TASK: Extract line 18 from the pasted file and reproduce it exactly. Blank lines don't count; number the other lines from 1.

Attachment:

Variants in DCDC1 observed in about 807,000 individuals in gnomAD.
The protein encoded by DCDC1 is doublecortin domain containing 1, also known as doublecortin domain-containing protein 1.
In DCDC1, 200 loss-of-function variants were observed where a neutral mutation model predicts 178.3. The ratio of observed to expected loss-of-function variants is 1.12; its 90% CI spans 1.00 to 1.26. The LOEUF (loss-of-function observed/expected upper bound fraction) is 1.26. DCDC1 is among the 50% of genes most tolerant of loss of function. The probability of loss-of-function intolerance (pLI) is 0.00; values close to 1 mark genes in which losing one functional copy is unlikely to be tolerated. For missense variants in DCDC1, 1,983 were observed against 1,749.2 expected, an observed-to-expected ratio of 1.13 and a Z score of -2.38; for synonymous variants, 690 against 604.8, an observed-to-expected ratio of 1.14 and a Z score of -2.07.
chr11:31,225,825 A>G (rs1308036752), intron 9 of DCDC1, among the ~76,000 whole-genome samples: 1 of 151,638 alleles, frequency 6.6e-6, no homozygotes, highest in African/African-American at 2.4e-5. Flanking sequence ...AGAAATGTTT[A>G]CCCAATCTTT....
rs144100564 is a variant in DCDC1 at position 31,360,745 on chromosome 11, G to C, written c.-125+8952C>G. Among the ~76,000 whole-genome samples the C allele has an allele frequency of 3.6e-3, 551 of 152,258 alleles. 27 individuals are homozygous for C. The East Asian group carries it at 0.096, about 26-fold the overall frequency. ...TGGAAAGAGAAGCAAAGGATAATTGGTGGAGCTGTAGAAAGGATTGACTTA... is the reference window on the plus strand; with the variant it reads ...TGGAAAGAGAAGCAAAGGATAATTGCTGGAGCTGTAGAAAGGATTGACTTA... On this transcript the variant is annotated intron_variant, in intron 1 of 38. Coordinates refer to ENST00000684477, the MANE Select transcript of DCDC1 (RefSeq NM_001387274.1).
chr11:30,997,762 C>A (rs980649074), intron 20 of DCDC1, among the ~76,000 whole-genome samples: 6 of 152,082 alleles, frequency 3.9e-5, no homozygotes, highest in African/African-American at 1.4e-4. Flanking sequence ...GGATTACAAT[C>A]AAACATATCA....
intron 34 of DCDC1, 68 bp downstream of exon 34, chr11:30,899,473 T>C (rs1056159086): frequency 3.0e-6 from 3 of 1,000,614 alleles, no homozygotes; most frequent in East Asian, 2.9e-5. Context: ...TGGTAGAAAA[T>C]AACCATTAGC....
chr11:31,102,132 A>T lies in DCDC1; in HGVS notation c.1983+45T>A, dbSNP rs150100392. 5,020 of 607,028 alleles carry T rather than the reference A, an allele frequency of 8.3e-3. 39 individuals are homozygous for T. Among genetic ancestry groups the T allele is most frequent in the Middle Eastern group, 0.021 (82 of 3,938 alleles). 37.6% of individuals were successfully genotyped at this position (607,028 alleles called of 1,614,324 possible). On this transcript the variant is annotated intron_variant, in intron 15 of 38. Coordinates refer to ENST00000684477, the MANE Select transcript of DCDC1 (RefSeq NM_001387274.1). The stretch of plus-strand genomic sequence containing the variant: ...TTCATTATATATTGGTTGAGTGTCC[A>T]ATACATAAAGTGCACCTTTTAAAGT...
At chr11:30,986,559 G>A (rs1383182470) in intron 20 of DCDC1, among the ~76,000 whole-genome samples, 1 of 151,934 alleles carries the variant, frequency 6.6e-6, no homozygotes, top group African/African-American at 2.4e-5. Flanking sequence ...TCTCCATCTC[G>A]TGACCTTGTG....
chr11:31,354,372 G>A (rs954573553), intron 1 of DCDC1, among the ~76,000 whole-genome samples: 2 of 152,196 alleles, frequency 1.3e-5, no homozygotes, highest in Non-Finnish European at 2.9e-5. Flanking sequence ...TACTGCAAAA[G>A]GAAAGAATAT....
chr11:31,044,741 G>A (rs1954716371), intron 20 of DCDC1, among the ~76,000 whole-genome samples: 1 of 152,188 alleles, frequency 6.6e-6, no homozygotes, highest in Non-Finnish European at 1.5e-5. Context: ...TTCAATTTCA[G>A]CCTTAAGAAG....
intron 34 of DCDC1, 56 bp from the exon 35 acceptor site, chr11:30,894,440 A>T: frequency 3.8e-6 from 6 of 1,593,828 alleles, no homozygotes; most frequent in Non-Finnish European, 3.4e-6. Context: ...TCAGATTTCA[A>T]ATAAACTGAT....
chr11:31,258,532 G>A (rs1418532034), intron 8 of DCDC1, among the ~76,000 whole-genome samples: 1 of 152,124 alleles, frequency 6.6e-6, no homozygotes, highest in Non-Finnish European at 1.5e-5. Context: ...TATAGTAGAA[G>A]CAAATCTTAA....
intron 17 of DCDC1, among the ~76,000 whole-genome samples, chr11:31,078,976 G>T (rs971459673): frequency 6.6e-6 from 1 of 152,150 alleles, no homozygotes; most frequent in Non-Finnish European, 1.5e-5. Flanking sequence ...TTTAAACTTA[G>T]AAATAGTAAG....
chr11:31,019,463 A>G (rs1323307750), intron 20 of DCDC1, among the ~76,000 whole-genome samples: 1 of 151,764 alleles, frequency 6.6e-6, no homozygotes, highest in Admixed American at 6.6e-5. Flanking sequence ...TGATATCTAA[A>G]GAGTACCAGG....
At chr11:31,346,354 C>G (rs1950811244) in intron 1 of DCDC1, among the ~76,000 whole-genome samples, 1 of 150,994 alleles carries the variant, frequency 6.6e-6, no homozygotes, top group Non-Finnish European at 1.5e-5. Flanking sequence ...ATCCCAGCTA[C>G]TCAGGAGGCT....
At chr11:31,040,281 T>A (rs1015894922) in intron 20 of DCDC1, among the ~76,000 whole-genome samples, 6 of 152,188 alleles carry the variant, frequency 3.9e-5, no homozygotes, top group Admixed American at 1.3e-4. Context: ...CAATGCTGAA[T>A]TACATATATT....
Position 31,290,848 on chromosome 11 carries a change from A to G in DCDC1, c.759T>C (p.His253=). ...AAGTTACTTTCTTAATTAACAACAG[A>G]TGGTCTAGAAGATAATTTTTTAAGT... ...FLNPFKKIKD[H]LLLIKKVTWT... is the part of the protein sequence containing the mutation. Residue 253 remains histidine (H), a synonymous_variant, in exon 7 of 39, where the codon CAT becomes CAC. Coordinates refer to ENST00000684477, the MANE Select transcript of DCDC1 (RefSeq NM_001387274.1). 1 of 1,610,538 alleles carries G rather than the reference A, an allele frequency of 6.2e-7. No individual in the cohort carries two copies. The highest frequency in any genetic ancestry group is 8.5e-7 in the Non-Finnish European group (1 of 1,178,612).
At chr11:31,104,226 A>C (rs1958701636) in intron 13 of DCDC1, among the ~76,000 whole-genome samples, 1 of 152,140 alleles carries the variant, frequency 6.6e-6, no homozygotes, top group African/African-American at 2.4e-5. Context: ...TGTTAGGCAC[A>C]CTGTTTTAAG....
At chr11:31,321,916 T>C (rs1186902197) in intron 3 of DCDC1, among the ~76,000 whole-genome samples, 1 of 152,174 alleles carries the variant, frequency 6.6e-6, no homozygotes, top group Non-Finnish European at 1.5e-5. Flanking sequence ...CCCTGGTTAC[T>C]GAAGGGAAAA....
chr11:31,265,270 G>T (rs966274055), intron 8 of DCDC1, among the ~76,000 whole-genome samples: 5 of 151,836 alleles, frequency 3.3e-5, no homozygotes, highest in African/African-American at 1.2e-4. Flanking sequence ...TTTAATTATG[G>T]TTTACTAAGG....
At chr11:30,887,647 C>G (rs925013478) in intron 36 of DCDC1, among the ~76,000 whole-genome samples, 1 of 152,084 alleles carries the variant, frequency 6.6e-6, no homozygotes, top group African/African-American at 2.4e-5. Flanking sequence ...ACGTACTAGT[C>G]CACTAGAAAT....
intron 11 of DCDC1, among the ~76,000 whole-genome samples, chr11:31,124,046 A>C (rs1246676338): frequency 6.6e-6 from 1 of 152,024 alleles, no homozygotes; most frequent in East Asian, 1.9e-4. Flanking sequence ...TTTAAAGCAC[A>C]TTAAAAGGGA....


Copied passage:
Position 31,290,848 on chromosome 11 carries a change from A to G in DCDC1, c.759T>C (p.His253=). ...AAGTTACTTTCTTAATTAACAACAG[A>G]TGGTCTAGAAGATAATTTTTTAAGT... ...FLNPFKKIKD[H]LLLIKKVTWT... is the part of the protein sequence containing the mutation. Residue 253 remains histidine (H), a synonymous_variant, in exon 7 of 39, where the codon CAT becomes CAC. Coordinates refer to ENST00000684477, the MANE Select transcript of DCDC1 (RefSeq NM_001387274.1). 1 of 1,610,538 alleles carries G rather than the reference A, an allele frequency of 6.2e-7. No individual in the cohort carries two copies. The highest frequency in any genetic ancestry group is 8.5e-7 in the Non-Finnish European group (1 of 1,178,612).